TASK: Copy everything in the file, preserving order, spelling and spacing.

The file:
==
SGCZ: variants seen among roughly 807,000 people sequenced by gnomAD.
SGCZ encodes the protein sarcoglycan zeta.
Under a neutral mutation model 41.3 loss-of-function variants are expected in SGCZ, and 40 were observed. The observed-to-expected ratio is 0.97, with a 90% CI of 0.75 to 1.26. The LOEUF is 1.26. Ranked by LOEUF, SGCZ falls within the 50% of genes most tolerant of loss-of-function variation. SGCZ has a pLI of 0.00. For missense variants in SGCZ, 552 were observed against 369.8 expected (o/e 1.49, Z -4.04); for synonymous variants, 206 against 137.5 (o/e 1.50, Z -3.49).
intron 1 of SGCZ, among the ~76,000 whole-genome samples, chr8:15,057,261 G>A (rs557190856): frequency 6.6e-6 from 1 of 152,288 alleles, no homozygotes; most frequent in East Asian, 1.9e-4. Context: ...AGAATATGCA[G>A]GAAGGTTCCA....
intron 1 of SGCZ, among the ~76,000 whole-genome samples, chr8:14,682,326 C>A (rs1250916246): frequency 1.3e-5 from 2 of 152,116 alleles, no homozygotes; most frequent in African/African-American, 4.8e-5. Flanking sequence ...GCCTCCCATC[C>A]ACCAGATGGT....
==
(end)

SGCZ: variants seen among roughly 807,000 people sequenced by gnomAD.
SGCZ encodes the protein sarcoglycan zeta.
Under a neutral mutation model 41.3 loss-of-function variants are expected in SGCZ, and 40 were observed. The observed-to-expected ratio is 0.97, with a 90% CI of 0.75 to 1.26. The LOEUF is 1.26. Ranked by LOEUF, SGCZ falls within the 50% of genes most tolerant of loss-of-function variation. SGCZ has a pLI of 0.00. For missense variants in SGCZ, 552 were observed against 369.8 expected (o/e 1.49, Z -4.04); for synonymous variants, 206 against 137.5 (o/e 1.50, Z -3.49).
intron 1 of SGCZ, among the ~76,000 whole-genome samples, chr8:15,057,261 G>A (rs557190856): frequency 6.6e-6 from 1 of 152,288 alleles, no homozygotes; most frequent in East Asian, 1.9e-4. Context: ...AGAATATGCA[G>A]GAAGGTTCCA....
intron 1 of SGCZ, among the ~76,000 whole-genome samples, chr8:14,682,326 C>A (rs1250916246): frequency 1.3e-5 from 2 of 152,116 alleles, no homozygotes; most frequent in African/African-American, 4.8e-5. Flanking sequence ...GCCTCCCATC[C>A]ACCAGATGGT....